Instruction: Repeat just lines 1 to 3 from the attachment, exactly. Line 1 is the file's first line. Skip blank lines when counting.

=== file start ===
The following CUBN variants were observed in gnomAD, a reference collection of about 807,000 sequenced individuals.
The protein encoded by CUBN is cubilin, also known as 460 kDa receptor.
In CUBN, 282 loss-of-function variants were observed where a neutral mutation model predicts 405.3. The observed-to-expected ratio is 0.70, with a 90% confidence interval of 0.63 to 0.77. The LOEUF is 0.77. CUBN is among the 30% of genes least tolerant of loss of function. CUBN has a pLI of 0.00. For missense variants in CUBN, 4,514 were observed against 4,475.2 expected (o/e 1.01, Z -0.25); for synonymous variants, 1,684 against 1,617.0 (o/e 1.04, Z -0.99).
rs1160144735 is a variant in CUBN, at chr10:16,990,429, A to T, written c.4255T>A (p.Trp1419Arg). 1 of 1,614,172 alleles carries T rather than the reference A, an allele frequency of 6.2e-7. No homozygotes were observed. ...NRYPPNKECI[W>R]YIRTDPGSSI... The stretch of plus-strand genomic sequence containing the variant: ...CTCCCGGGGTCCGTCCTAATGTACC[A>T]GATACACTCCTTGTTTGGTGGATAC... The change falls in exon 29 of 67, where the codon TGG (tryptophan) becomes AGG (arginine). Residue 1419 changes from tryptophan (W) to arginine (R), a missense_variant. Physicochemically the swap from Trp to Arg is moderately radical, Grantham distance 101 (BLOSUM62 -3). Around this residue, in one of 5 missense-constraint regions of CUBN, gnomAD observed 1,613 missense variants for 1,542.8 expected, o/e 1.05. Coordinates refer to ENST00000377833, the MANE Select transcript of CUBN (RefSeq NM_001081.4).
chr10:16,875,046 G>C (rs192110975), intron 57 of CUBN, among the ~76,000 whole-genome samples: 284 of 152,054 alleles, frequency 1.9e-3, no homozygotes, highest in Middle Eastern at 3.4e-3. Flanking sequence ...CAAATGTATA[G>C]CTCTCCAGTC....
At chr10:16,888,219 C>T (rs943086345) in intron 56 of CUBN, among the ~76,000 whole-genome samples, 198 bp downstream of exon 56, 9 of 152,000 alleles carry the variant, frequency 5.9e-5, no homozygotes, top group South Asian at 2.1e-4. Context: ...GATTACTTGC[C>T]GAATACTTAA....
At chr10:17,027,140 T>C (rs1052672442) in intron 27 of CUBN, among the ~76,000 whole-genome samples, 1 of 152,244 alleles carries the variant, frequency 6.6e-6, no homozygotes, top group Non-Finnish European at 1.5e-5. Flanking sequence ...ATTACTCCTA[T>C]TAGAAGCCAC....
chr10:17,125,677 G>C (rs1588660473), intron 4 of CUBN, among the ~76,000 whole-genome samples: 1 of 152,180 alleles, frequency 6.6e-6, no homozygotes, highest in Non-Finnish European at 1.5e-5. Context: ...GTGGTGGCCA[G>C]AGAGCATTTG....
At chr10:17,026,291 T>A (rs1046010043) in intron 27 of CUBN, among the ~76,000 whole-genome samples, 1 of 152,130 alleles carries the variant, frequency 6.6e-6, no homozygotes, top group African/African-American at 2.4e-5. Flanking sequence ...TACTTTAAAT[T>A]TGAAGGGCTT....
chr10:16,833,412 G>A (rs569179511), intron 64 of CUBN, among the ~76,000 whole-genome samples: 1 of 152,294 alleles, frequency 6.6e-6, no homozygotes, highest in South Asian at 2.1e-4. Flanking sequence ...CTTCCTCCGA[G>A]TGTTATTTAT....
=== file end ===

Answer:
The following CUBN variants were observed in gnomAD, a reference collection of about 807,000 sequenced individuals.
The protein encoded by CUBN is cubilin, also known as 460 kDa receptor.
In CUBN, 282 loss-of-function variants were observed where a neutral mutation model predicts 405.3. The observed-to-expected ratio is 0.70, with a 90% confidence interval of 0.63 to 0.77. The LOEUF is 0.77. CUBN is among the 30% of genes least tolerant of loss of function. CUBN has a pLI of 0.00. For missense variants in CUBN, 4,514 were observed against 4,475.2 expected (o/e 1.01, Z -0.25); for synonymous variants, 1,684 against 1,617.0 (o/e 1.04, Z -0.99).